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Idaho’s HJR 5 and General Election Preview

I’m inundated with requests each election cycle on my voting rationale and suggestions. I’m always humbled and honored by such requests, and it’s a heavy burden. But since I approach governance, and politics in general, from a classical-liberal perspective, it’s a matter of logic based on our founding principles, and not based on mere opinion.

voteEvery voter is different, has different priorities, and has different expectations of their elected officials. But when one’s starting point for voting rationale is based in constitutional precepts, the process is much more objective than it is subjective. This approach is invaluable, as it diminishes the possibility of specious “identity politics” or emotion-based electoral choices.

The Idaho ballot has not only the presidential, senatorial, congressional, and legislative candidates listed in descending order, but also has a couple of additional items that require somewhat isolated consideration. The first is a proposed amendment to the Idaho Constitution.

HJR 5 proposes to amend the Constitution by adding a new section. The title, as it appears on the ballot, states, “Proposing an amendment to Article III of the Constitution of the State of Idaho by the addition of a new Section 29 to provide that the Legislature may review, approve or reject any administrative rule to ensure it is consistent with legislative intent and to provide that legislative approval or rejection of a rule is not subject to gubernatorial veto.”

14600968_537108756478180_8490584403081316528_nFor those ensconced in our founding principles, this should be a foregone conclusion. The legislature has the constitutional authority, and mandate, to make laws, and the executive branch has the mandate to execute and enforce the laws created by the legislature. If the enforcement arm of government assumes some of the power to create or modify rules of legal statute, they are expropriating power reserved, constitutionally, for the legislative branch of government. When such blurring of the lines occurs, the potential for abuse is significantly augmented.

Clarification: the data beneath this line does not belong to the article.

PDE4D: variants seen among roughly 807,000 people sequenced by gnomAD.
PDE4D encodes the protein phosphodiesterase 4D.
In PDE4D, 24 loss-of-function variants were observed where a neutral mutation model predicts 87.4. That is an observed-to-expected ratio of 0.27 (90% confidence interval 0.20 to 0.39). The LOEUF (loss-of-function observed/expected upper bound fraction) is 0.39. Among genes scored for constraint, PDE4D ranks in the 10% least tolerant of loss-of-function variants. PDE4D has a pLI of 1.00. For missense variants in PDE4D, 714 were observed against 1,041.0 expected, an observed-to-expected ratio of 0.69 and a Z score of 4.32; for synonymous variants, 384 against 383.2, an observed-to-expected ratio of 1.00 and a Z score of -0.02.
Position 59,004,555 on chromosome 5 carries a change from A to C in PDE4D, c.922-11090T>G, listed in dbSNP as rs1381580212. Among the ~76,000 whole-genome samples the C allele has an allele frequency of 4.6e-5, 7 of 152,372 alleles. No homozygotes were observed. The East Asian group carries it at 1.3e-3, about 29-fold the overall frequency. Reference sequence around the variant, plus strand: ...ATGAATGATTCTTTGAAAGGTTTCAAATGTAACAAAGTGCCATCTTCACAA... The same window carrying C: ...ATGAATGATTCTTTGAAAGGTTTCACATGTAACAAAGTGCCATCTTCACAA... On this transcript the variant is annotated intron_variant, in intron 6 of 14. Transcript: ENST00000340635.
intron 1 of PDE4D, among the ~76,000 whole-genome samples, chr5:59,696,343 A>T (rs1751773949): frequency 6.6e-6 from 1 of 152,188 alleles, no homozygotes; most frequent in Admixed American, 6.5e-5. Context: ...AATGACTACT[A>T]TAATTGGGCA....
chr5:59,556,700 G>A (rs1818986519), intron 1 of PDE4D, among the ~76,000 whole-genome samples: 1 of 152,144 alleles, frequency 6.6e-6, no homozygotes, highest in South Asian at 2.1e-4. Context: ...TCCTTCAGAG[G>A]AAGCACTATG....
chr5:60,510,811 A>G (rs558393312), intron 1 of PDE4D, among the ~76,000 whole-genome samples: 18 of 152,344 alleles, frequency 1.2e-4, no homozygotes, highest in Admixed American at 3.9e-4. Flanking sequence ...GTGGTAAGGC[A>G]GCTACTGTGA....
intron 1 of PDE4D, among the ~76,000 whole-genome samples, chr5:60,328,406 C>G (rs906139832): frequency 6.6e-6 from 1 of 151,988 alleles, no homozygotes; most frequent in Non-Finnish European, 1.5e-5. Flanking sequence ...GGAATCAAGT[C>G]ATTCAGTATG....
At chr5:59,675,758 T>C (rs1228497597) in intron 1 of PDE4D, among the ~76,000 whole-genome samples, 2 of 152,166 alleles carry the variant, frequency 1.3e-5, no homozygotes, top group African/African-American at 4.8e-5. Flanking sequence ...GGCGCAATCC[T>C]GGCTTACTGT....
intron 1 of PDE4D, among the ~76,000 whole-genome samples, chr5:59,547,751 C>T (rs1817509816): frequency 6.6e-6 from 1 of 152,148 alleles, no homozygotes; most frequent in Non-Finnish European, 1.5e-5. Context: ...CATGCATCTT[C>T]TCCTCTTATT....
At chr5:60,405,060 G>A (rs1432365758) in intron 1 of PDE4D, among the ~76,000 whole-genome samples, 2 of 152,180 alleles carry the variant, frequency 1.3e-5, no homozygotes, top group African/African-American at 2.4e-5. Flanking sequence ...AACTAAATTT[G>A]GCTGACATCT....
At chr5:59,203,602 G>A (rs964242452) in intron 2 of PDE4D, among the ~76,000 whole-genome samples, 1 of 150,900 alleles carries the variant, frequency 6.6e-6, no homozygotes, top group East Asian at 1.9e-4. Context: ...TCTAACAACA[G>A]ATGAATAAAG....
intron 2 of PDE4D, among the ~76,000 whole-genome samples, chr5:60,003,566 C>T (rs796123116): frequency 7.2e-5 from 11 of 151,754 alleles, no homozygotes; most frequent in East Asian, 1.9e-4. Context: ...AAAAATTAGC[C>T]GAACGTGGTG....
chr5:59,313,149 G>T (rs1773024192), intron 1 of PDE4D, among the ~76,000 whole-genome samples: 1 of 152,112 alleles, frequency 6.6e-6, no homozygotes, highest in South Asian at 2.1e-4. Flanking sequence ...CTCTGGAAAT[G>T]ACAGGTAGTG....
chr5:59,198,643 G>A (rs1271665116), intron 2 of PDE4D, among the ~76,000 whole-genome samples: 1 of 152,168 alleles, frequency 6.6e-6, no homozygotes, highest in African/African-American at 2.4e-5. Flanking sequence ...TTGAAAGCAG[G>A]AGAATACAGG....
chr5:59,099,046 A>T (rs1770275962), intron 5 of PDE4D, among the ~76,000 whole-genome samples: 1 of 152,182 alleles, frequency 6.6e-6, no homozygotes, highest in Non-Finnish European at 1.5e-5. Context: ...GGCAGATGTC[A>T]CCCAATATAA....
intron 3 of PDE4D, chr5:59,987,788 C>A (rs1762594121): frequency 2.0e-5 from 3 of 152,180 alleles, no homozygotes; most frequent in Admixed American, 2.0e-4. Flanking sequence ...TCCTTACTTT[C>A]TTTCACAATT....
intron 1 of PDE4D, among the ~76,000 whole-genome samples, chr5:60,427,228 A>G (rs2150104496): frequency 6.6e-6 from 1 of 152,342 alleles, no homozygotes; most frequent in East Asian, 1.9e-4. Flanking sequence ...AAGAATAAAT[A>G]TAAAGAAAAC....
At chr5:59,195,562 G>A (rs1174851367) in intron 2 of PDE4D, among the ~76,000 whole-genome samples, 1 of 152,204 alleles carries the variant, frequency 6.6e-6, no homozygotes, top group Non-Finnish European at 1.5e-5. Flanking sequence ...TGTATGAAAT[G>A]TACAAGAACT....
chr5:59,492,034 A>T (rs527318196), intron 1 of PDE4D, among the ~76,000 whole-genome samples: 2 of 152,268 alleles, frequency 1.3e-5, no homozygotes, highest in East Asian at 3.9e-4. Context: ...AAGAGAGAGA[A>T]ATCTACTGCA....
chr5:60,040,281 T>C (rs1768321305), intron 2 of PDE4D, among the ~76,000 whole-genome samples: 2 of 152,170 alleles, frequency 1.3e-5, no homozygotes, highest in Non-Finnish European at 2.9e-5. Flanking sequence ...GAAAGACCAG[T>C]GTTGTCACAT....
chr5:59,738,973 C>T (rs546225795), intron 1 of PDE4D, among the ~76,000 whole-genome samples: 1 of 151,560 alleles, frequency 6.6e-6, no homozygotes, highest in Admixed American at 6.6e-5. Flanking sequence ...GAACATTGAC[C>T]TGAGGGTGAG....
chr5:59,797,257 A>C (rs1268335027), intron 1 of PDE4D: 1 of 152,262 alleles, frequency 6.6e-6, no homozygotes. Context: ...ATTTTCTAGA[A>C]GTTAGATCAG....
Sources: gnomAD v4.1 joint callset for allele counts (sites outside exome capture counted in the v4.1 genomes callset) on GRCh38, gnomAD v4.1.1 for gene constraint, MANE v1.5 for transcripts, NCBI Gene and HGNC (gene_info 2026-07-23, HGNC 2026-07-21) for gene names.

We see such abuse constantly at the federal level of government. The EPA, IRS, DOL, and the entire alphabet soup of government agencies, are constantly engaged in writing new rules at the bureaucratic level that have direct impact on each of us. In essence, their assumed power and authority to do so, is purloined from the legislative branch, which alone has the constitutional authority to create statute. If we had an HJR 5 equivalent at the federal level, much of what government does to impinge in individual liberty would be prevented.

Curt McKenzie, Idaho Supreme Court

Curt McKenzie, Idaho Supreme Court

Currently, the authority of the legislature to oversee bureaucratic rule-making is protected only by statute. That was nearly lost in a 1989 Idaho Supreme Court ruling by a 3-2 vote. One switched vote by a SC justice would have shifted the power from the decentralized legislative branch, to the executive branch. This is why it’s so crucial for HJR 5 to pass, amending the state Constitution so that some future court ruling cannot reverse this legislative review. From 1990-2014, only about 4.5% of bureaucratic rules have been reversed through legislative review.

Closely related to this issue, is the proposed election of an Idaho Supreme Court Justice to replace Justice Jim Jones. From my research, Curt McKenzie is most steeped in the strict constructionist interpretation of the Constitution. As a magna cum laude graduate of Georgetown University Law School, McKenzie has the requisite legal mind for the court, and as a strict constructionist, he has the principled conviction that the Idaho Constitution means what it says, not what his biases may incline him to want it to say. This is crucial in this era of jurists proactively ruling from the bench based not on constitutionality, but based on personal opinion, biases, and rationalization.